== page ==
Tuesday, November 8, 2011

More proof that holding European sovereign debt is toxic

Société Générale on Tuesday moved to calm jittery investors by announcing sharp cuts to the euro-zone sovereign-debt exposure that has weighed heavily on its stock in recent months, lifting its shares despite reporting lower-than-expected net profit for the third quarter.
Net profit at the Paris-based lender fell 31% to €622 million ($856.9 million) from €896 million a year earlier, undershooting analyst forecasts of €732 million. It was hit by higher provisions against Greek sovereign bonds, and as volatile financial markets pressured its corporate and investment bank. (Wall Street Journal, 08/11/11)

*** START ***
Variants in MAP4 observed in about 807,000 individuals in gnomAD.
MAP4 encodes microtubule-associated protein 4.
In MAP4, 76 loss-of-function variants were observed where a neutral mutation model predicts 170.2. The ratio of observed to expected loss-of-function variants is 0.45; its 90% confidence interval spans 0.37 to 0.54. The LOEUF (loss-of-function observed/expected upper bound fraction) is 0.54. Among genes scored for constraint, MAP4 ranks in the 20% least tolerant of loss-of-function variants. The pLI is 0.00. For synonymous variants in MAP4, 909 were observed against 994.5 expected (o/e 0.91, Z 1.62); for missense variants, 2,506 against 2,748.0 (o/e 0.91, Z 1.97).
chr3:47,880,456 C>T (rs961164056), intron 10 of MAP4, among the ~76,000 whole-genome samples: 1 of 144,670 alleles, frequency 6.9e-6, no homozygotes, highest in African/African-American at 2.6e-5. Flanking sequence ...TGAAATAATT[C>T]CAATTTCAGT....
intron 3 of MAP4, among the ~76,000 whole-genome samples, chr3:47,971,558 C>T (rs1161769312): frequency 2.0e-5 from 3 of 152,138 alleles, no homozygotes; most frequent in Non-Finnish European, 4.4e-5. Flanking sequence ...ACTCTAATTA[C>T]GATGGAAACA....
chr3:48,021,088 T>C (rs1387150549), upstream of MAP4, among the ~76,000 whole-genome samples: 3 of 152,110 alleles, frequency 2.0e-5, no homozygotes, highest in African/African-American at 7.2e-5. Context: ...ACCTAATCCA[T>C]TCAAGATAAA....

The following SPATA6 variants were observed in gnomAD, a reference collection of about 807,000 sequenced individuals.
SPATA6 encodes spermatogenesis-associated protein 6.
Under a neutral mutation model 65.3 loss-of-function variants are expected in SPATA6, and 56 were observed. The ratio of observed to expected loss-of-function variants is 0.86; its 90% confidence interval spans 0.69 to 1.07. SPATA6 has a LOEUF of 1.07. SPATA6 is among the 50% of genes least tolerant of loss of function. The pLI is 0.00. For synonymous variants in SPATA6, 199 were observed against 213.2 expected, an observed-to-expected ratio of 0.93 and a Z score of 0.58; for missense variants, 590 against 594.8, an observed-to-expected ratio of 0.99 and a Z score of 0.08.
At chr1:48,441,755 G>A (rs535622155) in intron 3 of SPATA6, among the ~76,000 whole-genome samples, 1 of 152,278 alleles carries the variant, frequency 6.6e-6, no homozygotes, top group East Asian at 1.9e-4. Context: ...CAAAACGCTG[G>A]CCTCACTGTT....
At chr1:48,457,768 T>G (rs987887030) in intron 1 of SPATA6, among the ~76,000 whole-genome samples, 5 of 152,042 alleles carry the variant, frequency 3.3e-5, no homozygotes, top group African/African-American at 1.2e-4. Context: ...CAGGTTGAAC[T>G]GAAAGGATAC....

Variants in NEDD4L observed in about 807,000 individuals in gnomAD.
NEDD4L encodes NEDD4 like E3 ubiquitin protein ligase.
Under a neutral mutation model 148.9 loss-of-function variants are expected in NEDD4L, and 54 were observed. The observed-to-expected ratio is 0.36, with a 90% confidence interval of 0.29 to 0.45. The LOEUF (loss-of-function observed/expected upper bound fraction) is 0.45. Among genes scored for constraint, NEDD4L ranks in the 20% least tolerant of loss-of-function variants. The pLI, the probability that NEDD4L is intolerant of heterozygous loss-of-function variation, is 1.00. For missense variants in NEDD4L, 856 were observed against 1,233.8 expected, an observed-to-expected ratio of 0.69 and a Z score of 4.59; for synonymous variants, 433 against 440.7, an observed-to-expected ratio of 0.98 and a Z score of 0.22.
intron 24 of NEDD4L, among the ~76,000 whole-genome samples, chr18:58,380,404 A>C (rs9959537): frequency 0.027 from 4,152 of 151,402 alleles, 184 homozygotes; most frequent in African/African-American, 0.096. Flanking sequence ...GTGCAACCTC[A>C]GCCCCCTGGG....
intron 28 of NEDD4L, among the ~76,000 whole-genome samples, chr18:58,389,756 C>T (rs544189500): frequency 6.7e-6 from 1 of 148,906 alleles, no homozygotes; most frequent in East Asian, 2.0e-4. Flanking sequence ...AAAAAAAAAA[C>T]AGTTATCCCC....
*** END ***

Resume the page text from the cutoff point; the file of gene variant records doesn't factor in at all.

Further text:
If any additional proof was needed, now the French banks are looking at "provisioning" or liquidating their European sovereign debt portfolio.  Taking the PIIGS + Belgium (country without a government for 2 years) total sovereign debt (including banks) is Euro 5 trillion, looking at a 30% to 50% hair cut the world is looking at a Euro1 to 2.5 trillion hole.

Once the banks are out, it leaves the insurance companies and the pension funds "holding the bag"  imagine with the Portuguese, Irish, Italian, Greeks and Spaniards realize that their pensions are funded to the level of 20% to 30% -- that there is no money available.  Those who purchased annuities from insurance companies or life insurance (a form of savings in Europe because of the tax code) will realize that the money is simply not there anymore.  This is going to end badly (not that there could be any other outcome).  The reality of solvency problems (while the intelligentsia has been selling liquidity) will hit those Europeans very soon.  I remember being in Seoul in 1997 during Asia's financial crisis, the anger was palpable...  


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